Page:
This content was written by healthcare professional Dawn Kelly in 2020. She was paid for her time but does not endorse CALPOL® Products.

Remember, certain environmental factors could also alter a temperature reading. Your little one could display a warmer temperature if they've:

  • Just had a bath
  • Been wrapped up warmly in a blanket
  • Been cuddling a hot water bottle
  • Wearing lots of layers
  • The room or car they’re in is too warm
  • They’ve been running around

If this is the case, give them a few minutes to cool down (without letting them get cold), and retake their temperature to see if there’s any change.

Taking a baby’s temperature
You should always use a thermometer under the armpit for children 5 years and under. If you’re using a digital thermometer, wait for it to beep so you know you have a reading.
Hold your child in your lap to help keep them still, making sure the thermometer stays in place and in contact with skin. 

Taking an older child’s temperature
If your child is older, you can take their temperature by ear or with a strip, although it is more accurate under their armpit.
For safety reasons, you should never use a mercury-in-glass thermometer.
Last reviewed 2020 by qualified paediatric nurse Dawn Kelly, a health visitor, lecturer and mother-of-three. Dawn was paid for her time and does not endorse CALPOL® Products.

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Fever treatment for children and babies

Knowing what to do when your baby or child has a high temperature or fever will go a long way to helping them feel comfortable until they’re well again.

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Fever treatment for children and babies

Knowing what to do when your baby or child has a high temperature or fever will go a long way to helping them feel comfortable until they’re well again. If they are unsettled or really not happy there are a few home tips and medicines you can try to help reduce your little one’s discomfort and make them feel more like themselves.

“If a baby or child has a fever but is otherwise happy in themselves, it’s best to leave them be. But if they’re grumpy etc then antipyretics can be very helpful,” says Dawn Kelly.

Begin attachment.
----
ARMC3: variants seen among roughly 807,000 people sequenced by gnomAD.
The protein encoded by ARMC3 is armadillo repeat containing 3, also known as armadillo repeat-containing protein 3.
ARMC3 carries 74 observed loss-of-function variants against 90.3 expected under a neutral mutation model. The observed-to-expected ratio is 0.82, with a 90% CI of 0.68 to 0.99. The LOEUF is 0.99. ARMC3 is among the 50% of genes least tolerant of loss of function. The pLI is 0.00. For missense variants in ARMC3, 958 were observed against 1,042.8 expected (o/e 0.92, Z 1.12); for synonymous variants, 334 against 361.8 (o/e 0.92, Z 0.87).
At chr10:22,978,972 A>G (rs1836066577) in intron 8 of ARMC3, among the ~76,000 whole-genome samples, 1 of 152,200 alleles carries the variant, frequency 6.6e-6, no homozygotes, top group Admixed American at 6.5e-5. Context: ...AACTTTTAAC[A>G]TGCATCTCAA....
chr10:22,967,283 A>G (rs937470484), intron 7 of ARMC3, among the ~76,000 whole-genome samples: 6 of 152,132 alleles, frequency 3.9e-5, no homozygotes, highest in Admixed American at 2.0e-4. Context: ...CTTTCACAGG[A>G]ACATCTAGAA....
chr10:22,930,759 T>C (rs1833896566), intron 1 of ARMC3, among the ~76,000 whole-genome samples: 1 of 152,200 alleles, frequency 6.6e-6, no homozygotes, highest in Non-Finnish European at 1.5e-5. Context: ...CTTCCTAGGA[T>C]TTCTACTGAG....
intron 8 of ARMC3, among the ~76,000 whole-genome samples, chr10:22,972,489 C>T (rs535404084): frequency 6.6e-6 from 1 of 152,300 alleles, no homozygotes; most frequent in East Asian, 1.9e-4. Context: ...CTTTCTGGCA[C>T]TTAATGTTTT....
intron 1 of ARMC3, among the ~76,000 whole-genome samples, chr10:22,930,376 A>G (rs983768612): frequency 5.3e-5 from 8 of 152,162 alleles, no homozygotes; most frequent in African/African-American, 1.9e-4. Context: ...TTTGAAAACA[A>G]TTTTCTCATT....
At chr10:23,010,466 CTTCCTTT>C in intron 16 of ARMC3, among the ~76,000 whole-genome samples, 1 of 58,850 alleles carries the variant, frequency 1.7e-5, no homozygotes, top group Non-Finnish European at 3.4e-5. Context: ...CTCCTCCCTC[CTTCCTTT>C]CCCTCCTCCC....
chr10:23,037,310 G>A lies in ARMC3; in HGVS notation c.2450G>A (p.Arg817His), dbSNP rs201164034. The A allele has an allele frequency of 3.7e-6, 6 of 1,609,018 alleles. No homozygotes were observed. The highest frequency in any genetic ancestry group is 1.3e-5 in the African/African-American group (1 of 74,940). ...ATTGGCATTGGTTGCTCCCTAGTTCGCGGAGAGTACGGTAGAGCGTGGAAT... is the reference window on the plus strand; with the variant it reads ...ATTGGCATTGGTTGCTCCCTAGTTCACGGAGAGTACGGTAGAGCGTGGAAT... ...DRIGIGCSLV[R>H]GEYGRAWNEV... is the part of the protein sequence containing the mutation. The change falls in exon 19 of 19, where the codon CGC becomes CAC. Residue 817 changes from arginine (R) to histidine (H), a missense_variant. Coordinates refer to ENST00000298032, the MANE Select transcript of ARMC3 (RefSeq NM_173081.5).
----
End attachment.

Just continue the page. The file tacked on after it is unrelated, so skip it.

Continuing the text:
This content was written by healthcare professional Dawn Kelly in 2020. She was paid for her time but does not endorse CALPOL® Products.

Fever medicines for babies and children
If your little one is distressed or unwell, try giving them ibuprofen or paracetamol (but not both at the same time) to help reduce their fever. Paracetamol is recommended for post-immunisation fever, especially after the MenB vaccine.

If you’re unsure they’re suitable for your child, take a look at our dosage page to find the appropriate dose for every age group.

Check out the full range of Calpol products to help feverish children feel themselves.

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4 Tips for looking after your little one at home
  • Drinking plenty of fluids. Make sure your baby gets plenty of fluids and be on the lookout for signs of dehydration. Whether they’re breastfed or bottle-fed, give them frequent regular feeds if they’ll accept them.
  • Provide food for weaned babies but don’t force them to eat if they don’t want to.
  • Keep a log of their temperature at regular intervals throughout the day and night so you can monitor whether they’re improving or not. Use a diary to track how they’re doing and provide your GP with the record if you need to.
  • Dress them normally. There’s no need to over or underdress your child when they have a fever. Cotton-based clothing is ideal as it will help their skin breathe easier.

 

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Corona Virus

At the moment it can be hard to know what to do if your child is unwell. It's important to trust your instincts and get medical help if you need it. If you think your child may be suffering from COVID-19 symptoms, the NHS recommends getting a PCR test to check if they have coronavirus as soon as possible. For more information on COVID-19, visit the NHS website.


Dawn Kelly
Health Visitor

Dawn is a qualified paediatric nurse, health visitor and lecturer with over 25 years’ experience. She’s written widely about child health and development and has a wealth of knowledge about childhood illnesses and advising parents on issues such as weaning and sleep. Her three daughters also put her knowledge to the test!
This HCP does not endorse Calpol.